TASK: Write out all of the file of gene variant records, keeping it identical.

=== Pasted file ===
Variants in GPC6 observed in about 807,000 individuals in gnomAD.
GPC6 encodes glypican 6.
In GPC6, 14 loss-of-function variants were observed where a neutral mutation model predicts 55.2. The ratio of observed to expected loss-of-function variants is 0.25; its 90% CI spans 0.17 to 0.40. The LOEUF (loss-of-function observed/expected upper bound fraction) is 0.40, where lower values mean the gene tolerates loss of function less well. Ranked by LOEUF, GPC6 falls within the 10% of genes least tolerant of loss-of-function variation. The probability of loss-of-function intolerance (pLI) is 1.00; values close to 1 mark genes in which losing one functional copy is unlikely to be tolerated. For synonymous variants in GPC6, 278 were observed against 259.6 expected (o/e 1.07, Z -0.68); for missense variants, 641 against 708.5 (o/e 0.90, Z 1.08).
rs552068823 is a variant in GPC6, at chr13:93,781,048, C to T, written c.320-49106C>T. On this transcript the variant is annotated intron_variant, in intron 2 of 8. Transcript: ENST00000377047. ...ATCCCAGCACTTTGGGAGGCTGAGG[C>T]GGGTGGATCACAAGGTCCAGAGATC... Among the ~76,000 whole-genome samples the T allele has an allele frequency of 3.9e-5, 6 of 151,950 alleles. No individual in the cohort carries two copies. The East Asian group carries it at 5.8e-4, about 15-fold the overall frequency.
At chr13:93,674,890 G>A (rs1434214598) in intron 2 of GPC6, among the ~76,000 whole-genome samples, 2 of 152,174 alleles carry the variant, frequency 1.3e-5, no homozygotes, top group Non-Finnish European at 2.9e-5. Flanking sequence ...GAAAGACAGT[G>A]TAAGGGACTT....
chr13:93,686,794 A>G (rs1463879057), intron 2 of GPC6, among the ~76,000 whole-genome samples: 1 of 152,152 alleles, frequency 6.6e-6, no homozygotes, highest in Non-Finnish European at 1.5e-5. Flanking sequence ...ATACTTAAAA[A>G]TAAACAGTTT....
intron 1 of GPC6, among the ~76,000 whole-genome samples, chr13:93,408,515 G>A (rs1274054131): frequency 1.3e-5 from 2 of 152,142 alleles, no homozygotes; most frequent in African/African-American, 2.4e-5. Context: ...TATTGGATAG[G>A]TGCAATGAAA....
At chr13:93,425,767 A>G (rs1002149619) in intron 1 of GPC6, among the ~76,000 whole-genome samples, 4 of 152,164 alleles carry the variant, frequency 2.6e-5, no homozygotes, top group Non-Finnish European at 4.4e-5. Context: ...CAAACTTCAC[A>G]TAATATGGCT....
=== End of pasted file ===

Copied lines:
Variants in GPC6 observed in about 807,000 individuals in gnomAD.
GPC6 encodes glypican 6.
In GPC6, 14 loss-of-function variants were observed where a neutral mutation model predicts 55.2. The ratio of observed to expected loss-of-function variants is 0.25; its 90% CI spans 0.17 to 0.40. The LOEUF (loss-of-function observed/expected upper bound fraction) is 0.40, where lower values mean the gene tolerates loss of function less well. Ranked by LOEUF, GPC6 falls within the 10% of genes least tolerant of loss-of-function variation. The probability of loss-of-function intolerance (pLI) is 1.00; values close to 1 mark genes in which losing one functional copy is unlikely to be tolerated. For synonymous variants in GPC6, 278 were observed against 259.6 expected (o/e 1.07, Z -0.68); for missense variants, 641 against 708.5 (o/e 0.90, Z 1.08).
rs552068823 is a variant in GPC6, at chr13:93,781,048, C to T, written c.320-49106C>T. On this transcript the variant is annotated intron_variant, in intron 2 of 8. Transcript: ENST00000377047. ...ATCCCAGCACTTTGGGAGGCTGAGG[C>T]GGGTGGATCACAAGGTCCAGAGATC... Among the ~76,000 whole-genome samples the T allele has an allele frequency of 3.9e-5, 6 of 151,950 alleles. No individual in the cohort carries two copies. The East Asian group carries it at 5.8e-4, about 15-fold the overall frequency.
At chr13:93,674,890 G>A (rs1434214598) in intron 2 of GPC6, among the ~76,000 whole-genome samples, 2 of 152,174 alleles carry the variant, frequency 1.3e-5, no homozygotes, top group Non-Finnish European at 2.9e-5. Flanking sequence ...GAAAGACAGT[G>A]TAAGGGACTT....
chr13:93,686,794 A>G (rs1463879057), intron 2 of GPC6, among the ~76,000 whole-genome samples: 1 of 152,152 alleles, frequency 6.6e-6, no homozygotes, highest in Non-Finnish European at 1.5e-5. Flanking sequence ...ATACTTAAAA[A>G]TAAACAGTTT....
intron 1 of GPC6, among the ~76,000 whole-genome samples, chr13:93,408,515 G>A (rs1274054131): frequency 1.3e-5 from 2 of 152,142 alleles, no homozygotes; most frequent in African/African-American, 2.4e-5. Context: ...TATTGGATAG[G>A]TGCAATGAAA....
At chr13:93,425,767 A>G (rs1002149619) in intron 1 of GPC6, among the ~76,000 whole-genome samples, 4 of 152,164 alleles carry the variant, frequency 2.6e-5, no homozygotes, top group Non-Finnish European at 4.4e-5. Context: ...CAAACTTCAC[A>G]TAATATGGCT....